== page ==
Thursday, 30 March 2017
Topical Issue Debate
Approximately 25 years ago, Mike Curtis died on Merrion Square in Dublin. He was on his bike, was flattened and killed. A lot of us started campaigning then to try to make Dublin a cycling city. It is deeply shocking for anyone with a keen interest in cycling to look at what has happened here in the last few months. On 12 February, Ms Tonya McEvoy, a member of the Orwell Wheelers cycling club was knocked down and killed in Kildare. On 12 March, Daragh Ryan was knocked off his bike and killed on Conyngham Road, a well recognised black spot - we having been talking about these black spots for a long time - near the Phoenix Park. Last Friday, Paul Hannon was knocked down and killed on Patrick Street, while last Sunday, Des Butler, was killed on his bike in Bunratty. Last Monday, a young woman was knocked down at the roundabout on Templeville Road and flattened under a truck.
We have been campaigning for 25 years to try to make this city safe for cycling. It should be one of the best cycling cities in the world because it is flat and relatively dry. Cycling is the quickest, best, most social and healthiest way of getting around. Dublin should be like Copenhagen and Amsterdam. My party and others have been working on this matter for all of that time, making very little progress but continuing to push the idea. We set out the smarter travel plan in 2009 and a plan for the overall network in 2011. We are at a point now where we really are ready to go and make this a safe cycling city. This is achievable, doable and it is a decision for here and now.
There are some significant routes ready to be built, including the Clontarf cycle route, which is a two way route from Clontarf all the way into town. Huge numbers of cyclists use that route every morning but it is lethally dangerous at present. The Liffey cycle route is a two-way cycle track right along the river which would transform how this city works. There is another project ready to go for College Green that will create a safe civic space and turn the whole city centre around in terms of how it works. We have greenway routes that would not only work as commuting routes but would also provide incredible benefits for the city. One such route runs along the seafront from Sutton to Sandycove. It is ready to go but investment is required. We need big money to make this happen, although not big in comparison to the money needed for a motorway. It would cost the equivalent of 1 km of motorway to develop most of these projects. The funding requirement is big in the context of what we have spent on cycling to date. Other projects include the Dodder greenway, the Royal Canal greenway and the Santry river greenway. These are all projects that we have been working on for 20 years.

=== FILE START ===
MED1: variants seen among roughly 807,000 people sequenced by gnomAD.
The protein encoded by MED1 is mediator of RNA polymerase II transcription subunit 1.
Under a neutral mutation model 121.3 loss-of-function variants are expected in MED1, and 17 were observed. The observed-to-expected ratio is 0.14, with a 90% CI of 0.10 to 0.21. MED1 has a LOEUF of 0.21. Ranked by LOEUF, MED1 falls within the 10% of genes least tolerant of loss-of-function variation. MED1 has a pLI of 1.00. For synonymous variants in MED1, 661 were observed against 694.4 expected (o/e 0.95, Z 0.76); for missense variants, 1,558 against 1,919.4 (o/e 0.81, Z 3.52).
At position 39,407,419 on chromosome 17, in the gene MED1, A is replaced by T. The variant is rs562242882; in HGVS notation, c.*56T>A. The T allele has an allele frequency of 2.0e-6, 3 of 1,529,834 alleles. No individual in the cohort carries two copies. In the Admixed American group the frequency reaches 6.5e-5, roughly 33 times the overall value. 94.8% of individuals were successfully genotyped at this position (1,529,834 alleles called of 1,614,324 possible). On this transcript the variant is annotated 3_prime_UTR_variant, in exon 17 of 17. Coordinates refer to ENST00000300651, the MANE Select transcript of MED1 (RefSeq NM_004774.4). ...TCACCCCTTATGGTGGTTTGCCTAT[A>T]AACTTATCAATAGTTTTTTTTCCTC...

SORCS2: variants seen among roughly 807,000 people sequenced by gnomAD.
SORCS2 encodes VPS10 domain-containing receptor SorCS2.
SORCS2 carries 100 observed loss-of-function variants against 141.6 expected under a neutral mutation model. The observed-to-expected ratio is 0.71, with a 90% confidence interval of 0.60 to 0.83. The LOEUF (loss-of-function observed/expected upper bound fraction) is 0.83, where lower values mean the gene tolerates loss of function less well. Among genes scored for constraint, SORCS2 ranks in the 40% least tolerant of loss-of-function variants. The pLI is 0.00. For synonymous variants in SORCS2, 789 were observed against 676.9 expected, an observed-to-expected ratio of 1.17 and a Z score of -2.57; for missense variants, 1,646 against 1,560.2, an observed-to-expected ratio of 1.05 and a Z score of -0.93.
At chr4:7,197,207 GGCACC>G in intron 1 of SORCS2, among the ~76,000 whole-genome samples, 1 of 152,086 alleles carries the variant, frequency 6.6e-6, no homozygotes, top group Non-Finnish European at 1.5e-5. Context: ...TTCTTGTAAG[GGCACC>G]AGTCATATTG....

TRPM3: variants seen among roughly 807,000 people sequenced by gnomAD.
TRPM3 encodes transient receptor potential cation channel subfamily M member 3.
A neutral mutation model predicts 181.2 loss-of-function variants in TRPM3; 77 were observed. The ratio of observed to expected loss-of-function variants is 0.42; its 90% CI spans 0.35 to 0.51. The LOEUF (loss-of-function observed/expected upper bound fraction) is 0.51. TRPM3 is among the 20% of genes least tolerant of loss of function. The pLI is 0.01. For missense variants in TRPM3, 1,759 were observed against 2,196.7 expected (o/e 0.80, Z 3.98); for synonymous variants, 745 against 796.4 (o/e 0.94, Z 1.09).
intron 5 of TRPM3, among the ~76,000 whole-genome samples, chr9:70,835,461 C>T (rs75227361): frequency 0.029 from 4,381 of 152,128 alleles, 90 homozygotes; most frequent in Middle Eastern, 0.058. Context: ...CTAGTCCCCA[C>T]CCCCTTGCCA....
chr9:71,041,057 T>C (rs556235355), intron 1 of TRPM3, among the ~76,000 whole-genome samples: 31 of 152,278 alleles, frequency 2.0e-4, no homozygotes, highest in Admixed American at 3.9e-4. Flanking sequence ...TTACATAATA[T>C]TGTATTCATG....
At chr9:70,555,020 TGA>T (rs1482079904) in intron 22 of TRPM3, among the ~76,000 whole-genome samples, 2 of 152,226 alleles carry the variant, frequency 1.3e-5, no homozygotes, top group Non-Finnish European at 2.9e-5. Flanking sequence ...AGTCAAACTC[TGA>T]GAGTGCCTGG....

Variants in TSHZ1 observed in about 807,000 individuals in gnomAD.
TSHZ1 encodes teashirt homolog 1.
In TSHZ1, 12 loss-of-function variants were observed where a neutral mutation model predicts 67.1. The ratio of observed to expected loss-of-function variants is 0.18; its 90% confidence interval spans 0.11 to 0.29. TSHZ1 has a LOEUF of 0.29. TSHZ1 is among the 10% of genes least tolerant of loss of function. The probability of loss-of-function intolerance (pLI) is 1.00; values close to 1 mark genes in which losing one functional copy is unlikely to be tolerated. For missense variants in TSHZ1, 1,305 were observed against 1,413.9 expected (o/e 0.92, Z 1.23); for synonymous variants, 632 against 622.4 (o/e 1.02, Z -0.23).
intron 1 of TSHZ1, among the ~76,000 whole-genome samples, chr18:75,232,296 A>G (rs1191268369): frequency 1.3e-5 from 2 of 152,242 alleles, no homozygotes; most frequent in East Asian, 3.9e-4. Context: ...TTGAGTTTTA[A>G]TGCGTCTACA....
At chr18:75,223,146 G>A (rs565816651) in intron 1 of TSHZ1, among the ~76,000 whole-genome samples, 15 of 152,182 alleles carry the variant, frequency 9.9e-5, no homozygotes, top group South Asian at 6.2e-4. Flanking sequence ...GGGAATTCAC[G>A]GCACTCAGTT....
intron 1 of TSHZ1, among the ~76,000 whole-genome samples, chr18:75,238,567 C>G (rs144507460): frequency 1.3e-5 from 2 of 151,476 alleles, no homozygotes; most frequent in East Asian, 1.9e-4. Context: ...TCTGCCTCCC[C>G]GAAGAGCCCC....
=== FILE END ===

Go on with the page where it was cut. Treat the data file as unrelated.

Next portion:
We have the designs ready to go but the shocking reality at this time, when we need capacity solutions to our transport system and cycling infrastructure to be provided more quickly to cater for the significant volume of cyclists just trying to get back on their bikes, which could really tackle Dublin's traffic problems and, more than anything else, make the city safe, the capital budget for cycling is being slashed year in, year out. It fell by 21% last year. There is a projected 18% fall this year.
The Minister has a responsibility in this regard. After 25 years of campaigning, the Minister must realise this investment is more important and significant than any other transport investment we could make. In the first instance, it would protect and save lives. There was a recent spike, involving three deaths in three weeks. We have to respond to that by making the city safe.
Second, to make the city work, we have no capacity solutions equivalent to those cycling can provide for the same expenditure. In this regard, one should consider the numbers. When we provide high-quality facilities, as on the Grand Canal route, thousands of people take to cycling. We should really go for it now and make a decision on the six or seven key routes. They have to be funded now. The money has to be provided now or else we will face 25 more years of not having what we could have in Dublin. Dublin could be a safe, an efficient and a brilliant city in which to cycle. Will the Minister provide the money? Will he allocate the money that the Dublin Cycling Campaign and others are calling for to make the city safe and to make it work?
I thank Deputy Eamon Ryan for raising this important issue. I share his dismay over the number of cyclists and pedestrians who died in recent weeks. The number this year is now five. It is absolutely unacceptable and demands action.